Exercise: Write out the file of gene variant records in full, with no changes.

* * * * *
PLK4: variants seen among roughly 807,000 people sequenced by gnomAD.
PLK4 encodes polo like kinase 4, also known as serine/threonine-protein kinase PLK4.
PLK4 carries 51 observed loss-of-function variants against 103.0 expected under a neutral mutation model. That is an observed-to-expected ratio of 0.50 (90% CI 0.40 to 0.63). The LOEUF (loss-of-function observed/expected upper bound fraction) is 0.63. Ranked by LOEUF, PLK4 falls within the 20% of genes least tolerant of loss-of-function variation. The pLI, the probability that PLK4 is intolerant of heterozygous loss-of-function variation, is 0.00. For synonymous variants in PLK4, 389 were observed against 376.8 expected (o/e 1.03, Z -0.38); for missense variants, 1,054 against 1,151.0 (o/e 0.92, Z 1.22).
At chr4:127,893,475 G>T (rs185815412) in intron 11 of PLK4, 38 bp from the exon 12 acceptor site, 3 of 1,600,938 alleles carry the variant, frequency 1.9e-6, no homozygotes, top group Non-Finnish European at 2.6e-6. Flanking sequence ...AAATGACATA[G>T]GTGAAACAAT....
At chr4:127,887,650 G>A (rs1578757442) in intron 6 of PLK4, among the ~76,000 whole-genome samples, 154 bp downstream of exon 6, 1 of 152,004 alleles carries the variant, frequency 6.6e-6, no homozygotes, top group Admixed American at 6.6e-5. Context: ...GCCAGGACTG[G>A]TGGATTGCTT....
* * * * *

PLK4: variants seen among roughly 807,000 people sequenced by gnomAD.
PLK4 encodes polo like kinase 4, also known as serine/threonine-protein kinase PLK4.
PLK4 carries 51 observed loss-of-function variants against 103.0 expected under a neutral mutation model. That is an observed-to-expected ratio of 0.50 (90% CI 0.40 to 0.63). The LOEUF (loss-of-function observed/expected upper bound fraction) is 0.63. Ranked by LOEUF, PLK4 falls within the 20% of genes least tolerant of loss-of-function variation. The pLI, the probability that PLK4 is intolerant of heterozygous loss-of-function variation, is 0.00. For synonymous variants in PLK4, 389 were observed against 376.8 expected (o/e 1.03, Z -0.38); for missense variants, 1,054 against 1,151.0 (o/e 0.92, Z 1.22).
At chr4:127,893,475 G>T (rs185815412) in intron 11 of PLK4, 38 bp from the exon 12 acceptor site, 3 of 1,600,938 alleles carry the variant, frequency 1.9e-6, no homozygotes, top group Non-Finnish European at 2.6e-6. Flanking sequence ...AAATGACATA[G>T]GTGAAACAAT....
At chr4:127,887,650 G>A (rs1578757442) in intron 6 of PLK4, among the ~76,000 whole-genome samples, 154 bp downstream of exon 6, 1 of 152,004 alleles carries the variant, frequency 6.6e-6, no homozygotes, top group Admixed American at 6.6e-5. Context: ...GCCAGGACTG[G>A]TGGATTGCTT....